Innovator, champion and change leader

Oumar Koné is not only a seed producer and a farmer, he is an innovator. When Koné joined USAID’s Feed the Future-funded Farmers’ Field School he put all his energy and ability into learning. Very focused and detail-oriented, Koné did not limit himself to fertilizer microdosing technology. Like all good students, he went above and beyond to do more with the knowledge acquired.

Fertilizer microdosing is not a new technology in West Africa and Mali. Although results show consistent yield increases, farmers report that microdosing is time consuming and laborious. Researchers have looked at packaging the correct dose of fertilizer to address these concerns. Koné found his own way to adapt the technology. “I thought of a mechanical seed drill with nine hoppers for the placement of fertilizer along with millet, sorghum and cotton seeds,” explains Koné. 

Koné shared his idea with a blacksmith in his village of Diambala, Sikasso Region, and they refined the concept through testing. “We kept trying until we got a good model for the seed drill. It is a multifunctional seed drill that can cultivate up to five hectares per day. Using this machine, I have reduced the quantity of fertilizer applied per hectare, manpower employed, and time dedicated to sowing. As a result, I have increased our household cultivated area from 20 hectares to 40 hectares. I also rented the machine to other producers during the following cropping seasons.”

Innovation led to improvement in Sorghum production

starting with a simple training and demonstration plot, Koné innovated in fertilizer application and doubled his production with improved varieties of sorghum (Grinkan, Sewa and Fadda.) He has earned up to US,200 in the past three years. Koné is helping others while he helps himself. He has become an improved seed supplier to his fellow farmers and has used US,645 in profits from renting the seed drill to build a well for his village.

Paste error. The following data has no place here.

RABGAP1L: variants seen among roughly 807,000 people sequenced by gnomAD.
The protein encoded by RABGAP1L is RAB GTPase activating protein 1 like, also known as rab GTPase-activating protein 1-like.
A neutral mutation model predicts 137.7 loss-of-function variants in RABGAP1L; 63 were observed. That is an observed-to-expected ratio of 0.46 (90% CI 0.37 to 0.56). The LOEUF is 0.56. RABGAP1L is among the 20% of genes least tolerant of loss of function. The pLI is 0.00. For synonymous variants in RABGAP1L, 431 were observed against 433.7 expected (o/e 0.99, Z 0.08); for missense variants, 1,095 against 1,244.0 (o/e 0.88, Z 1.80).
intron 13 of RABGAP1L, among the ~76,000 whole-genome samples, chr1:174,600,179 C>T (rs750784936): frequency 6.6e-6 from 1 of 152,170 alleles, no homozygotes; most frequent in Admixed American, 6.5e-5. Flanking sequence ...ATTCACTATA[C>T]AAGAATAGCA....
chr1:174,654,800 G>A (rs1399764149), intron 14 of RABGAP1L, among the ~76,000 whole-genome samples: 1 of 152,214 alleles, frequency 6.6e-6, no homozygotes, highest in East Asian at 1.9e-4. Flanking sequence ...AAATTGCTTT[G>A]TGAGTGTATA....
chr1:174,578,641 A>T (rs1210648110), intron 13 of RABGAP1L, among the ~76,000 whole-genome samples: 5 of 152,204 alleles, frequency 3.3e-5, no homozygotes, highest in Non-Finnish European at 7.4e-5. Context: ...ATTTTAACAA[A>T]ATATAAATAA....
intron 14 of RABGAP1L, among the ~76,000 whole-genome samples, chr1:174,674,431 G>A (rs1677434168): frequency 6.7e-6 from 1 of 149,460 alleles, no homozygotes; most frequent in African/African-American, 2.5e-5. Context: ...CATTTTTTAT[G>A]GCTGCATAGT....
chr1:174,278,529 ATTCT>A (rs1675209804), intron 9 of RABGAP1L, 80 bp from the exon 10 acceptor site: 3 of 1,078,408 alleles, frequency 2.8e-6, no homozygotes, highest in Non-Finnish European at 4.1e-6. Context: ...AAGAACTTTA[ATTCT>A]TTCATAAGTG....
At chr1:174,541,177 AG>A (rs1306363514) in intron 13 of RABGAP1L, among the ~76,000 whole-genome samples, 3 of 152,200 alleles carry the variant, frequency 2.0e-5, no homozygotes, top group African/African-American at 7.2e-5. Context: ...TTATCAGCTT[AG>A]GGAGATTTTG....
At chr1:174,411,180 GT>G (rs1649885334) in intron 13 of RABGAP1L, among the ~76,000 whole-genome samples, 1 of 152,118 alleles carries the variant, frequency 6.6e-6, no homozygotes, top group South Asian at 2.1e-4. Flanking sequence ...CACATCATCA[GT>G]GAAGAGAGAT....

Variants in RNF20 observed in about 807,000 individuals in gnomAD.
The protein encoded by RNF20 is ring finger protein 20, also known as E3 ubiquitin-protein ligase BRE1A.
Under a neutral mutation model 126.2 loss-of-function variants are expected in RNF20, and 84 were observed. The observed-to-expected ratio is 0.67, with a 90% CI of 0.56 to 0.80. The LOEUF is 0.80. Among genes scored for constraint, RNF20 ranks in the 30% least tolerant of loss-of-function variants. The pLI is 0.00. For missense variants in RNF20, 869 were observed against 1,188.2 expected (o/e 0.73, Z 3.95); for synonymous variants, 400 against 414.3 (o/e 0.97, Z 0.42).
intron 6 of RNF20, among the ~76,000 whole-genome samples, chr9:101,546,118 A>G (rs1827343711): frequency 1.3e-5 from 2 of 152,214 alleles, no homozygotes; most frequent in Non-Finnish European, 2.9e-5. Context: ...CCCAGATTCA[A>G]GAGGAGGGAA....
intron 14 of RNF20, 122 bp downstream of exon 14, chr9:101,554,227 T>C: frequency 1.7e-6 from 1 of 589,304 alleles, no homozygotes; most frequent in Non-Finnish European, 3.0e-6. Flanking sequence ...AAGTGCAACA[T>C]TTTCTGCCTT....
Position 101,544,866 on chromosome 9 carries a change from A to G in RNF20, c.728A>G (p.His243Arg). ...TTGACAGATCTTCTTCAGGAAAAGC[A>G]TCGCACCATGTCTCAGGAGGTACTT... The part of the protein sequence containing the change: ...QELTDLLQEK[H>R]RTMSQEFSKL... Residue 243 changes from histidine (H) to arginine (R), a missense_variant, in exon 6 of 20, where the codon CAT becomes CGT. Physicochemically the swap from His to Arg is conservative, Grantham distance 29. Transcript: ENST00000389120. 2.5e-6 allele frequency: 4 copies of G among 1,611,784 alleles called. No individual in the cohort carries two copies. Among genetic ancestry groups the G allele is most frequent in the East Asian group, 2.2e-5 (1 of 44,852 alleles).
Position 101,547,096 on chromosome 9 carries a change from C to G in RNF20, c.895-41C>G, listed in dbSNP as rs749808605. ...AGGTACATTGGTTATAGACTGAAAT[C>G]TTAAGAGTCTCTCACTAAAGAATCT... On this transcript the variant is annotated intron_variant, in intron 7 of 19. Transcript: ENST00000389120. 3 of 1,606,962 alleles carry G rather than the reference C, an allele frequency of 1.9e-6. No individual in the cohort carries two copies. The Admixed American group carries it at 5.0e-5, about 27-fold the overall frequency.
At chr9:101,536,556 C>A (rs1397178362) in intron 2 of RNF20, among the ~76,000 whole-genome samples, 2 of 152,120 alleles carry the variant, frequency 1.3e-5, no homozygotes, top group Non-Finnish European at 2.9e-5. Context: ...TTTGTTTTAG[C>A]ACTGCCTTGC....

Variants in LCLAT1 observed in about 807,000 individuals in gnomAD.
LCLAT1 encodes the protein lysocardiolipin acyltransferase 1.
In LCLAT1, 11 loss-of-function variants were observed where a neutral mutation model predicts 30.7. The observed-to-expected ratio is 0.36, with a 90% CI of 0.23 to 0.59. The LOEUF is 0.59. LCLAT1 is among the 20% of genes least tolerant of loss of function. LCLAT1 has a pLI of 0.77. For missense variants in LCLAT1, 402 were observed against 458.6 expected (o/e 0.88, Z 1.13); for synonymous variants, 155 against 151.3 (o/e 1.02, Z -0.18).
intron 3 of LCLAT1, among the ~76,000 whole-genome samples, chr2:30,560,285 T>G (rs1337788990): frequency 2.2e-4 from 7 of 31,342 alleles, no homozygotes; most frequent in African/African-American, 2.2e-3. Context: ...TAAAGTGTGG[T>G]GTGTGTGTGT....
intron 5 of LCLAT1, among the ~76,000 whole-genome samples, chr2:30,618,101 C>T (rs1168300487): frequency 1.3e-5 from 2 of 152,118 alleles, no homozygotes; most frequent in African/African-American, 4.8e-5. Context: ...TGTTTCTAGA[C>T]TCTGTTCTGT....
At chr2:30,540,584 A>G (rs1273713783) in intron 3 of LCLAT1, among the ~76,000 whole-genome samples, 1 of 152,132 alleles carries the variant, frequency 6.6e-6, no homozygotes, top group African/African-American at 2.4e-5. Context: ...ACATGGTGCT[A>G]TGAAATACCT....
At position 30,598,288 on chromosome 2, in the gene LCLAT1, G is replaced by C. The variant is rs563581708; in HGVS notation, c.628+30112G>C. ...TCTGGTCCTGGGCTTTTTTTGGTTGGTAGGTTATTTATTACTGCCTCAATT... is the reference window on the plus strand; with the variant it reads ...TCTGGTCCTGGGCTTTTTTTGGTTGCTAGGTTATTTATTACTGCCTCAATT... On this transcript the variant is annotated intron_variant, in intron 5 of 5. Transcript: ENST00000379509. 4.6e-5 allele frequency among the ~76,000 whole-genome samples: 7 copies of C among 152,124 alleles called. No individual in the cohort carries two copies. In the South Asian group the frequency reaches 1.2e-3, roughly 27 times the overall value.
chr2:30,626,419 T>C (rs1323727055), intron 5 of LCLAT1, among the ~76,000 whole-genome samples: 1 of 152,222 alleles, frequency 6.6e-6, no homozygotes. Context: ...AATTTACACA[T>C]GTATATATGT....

Several households in the village benefit from potable water.

“Before, women and girls in the village had to walk long distances away from the village in search of water. During certain times in the year this pond used to be completely dry,” said Koné. Thanks to the well, nearly 30 households in his village have benefited from potable water since 2017. Koné has also purchased a thresher for US,100, which he rents to other cereal producers for threshing millet, sorghum, and maize.

Farmer Field Schools like the one Koné attended are part of Africa RISING’s large-scale Diffusion of Technologies for Sorghum and Millet Production Systems (ARDT_SMS) activity. From 2014 to 2019, seed multipliers under USAID Feed the Future ARDTM_SMS supervision have produced more than 403 tons of certified seeds. The Farmer Field Schools approach was used for dissemination of improved millet and sorghum varieties. Many farmers were able to increase their farm yield (51% for Sorghum and 72% for pearl millet), household food and nutritional intake, and income. In total, 261,197 farmers were trained and about 242,348 farmers have applied improved technologies, including fertilizer micro dosing technologies.

About the author:

Agathe Diama
Head-Regional Information – WCA
West & Central Africa Program


Originally published by USAID

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